Saturday, July 2, 2011

It Just so Happens, This is the Business We're In


I once got a lovely review where the reviewer said that my private eye Ivan Monk’s family connections tend to prod him into taking cases no one in his right mind would investigate. The PI of course has a long, twisted lineage in detective fiction. But given Monk first shows up in a novel, Violent Spring, set about a year and a half in the aftermath of the 1992 L.A. riots, and that uprising plays a role in the plot, his was a territory of volatility.

I knew too that he would certainly have matters in his past that haunted him, but not the usual tropes of booze, though he is a drinker, or drummed off the force after being unfairly targeted in a politically-charged situation – he’s not an ex-cop of former investigator for the D.A. like Marlowe. He’s young enough he wasn’t of age when Vietnam was drafting working class kids like him but he did a stint in the Merchant Marines. This allowed Monk to see other countries and interact with other peoples and cultures while making different freight runs. While not immediately making an impact on him, over time he would come to appreciate the time he was a merchant seaman.

His dad was a mechanic who won his shop in a card game. Monk is somewhat of a shadetree mechanic himself. He drives a cherry ’64 Ford Galaxy, and there’s something about how human behavior isn’t mechanical, how if you connect ‘Y’ to ‘X’, sometimes the machine doesn’t run right fascinates him. At first when he came back home after the merchants, young and tough and full of himself, he fell into bounty hunting work because it was a challenge. Given where he grew up in South Central L.A., and young black men not always having the best of relations with the law, he knew he wasn’t going to be a cop. But he got a charge out of chasing people down.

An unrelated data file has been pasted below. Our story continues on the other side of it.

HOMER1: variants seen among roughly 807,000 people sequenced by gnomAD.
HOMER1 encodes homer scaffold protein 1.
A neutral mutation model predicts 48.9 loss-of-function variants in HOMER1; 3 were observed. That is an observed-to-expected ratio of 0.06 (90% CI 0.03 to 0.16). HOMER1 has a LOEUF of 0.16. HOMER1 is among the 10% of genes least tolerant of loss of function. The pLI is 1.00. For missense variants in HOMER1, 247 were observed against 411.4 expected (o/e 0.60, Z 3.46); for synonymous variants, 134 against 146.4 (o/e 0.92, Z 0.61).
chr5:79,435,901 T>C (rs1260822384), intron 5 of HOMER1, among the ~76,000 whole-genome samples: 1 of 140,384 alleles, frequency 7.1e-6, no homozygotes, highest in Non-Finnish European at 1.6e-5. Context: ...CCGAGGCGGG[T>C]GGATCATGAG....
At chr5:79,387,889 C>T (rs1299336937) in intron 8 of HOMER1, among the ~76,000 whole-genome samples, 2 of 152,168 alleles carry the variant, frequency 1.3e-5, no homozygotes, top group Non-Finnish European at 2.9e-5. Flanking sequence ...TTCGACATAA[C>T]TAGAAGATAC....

Curious by nature, he couldn’t help think about the circumstances that brought someone to be entangled in the criminal justice system. His experiences with some of these folks had shown them they weren’t all low lifes just looking to get over. There were hard pressed single moms who wrote a bad check to feed their kids then bolted on the bail, dudes not much different than him who somehow found themselves on the short end of an unflinching bureaucracy.

Wanting to know what had brought them to desperate measures ate at him. It’s in this mix is where I think family has played a role in his development. Monk’s dad died when he was a teen but his mom is alive and he has a sister, Odessa, and a teenaged, now early 20s, nephew he cares about in terms of his upbringing. Plus his old lady is a criminal courts judge, Jill Kodama. These folks not only get him involved in sometimes odd situations -- like his mom’s church group hiring him to prevent vandalism of a local cultural landmark -- but they are his sounding boards and offer, at times solicited, advise that he doesn’t always ignore.

From Violent Spring, “After a fashion, Monk settled into investigative work and concluded that was his evolutionary niche. His reason for getting up in the morning.”

That and the quote from the title of this post, Sam Spade to Brigid O'Shaughnessy in the Maltese Falcon, about sums it up.

Happy July 4th everybody.

1 comment:

Rebecca Cantrell said...

Happy July 4th!

Thanks for the thoughtful and intriguing post, Gary. Ivan sounds like exactly the kind of complex and fascinating hero I want to read more about.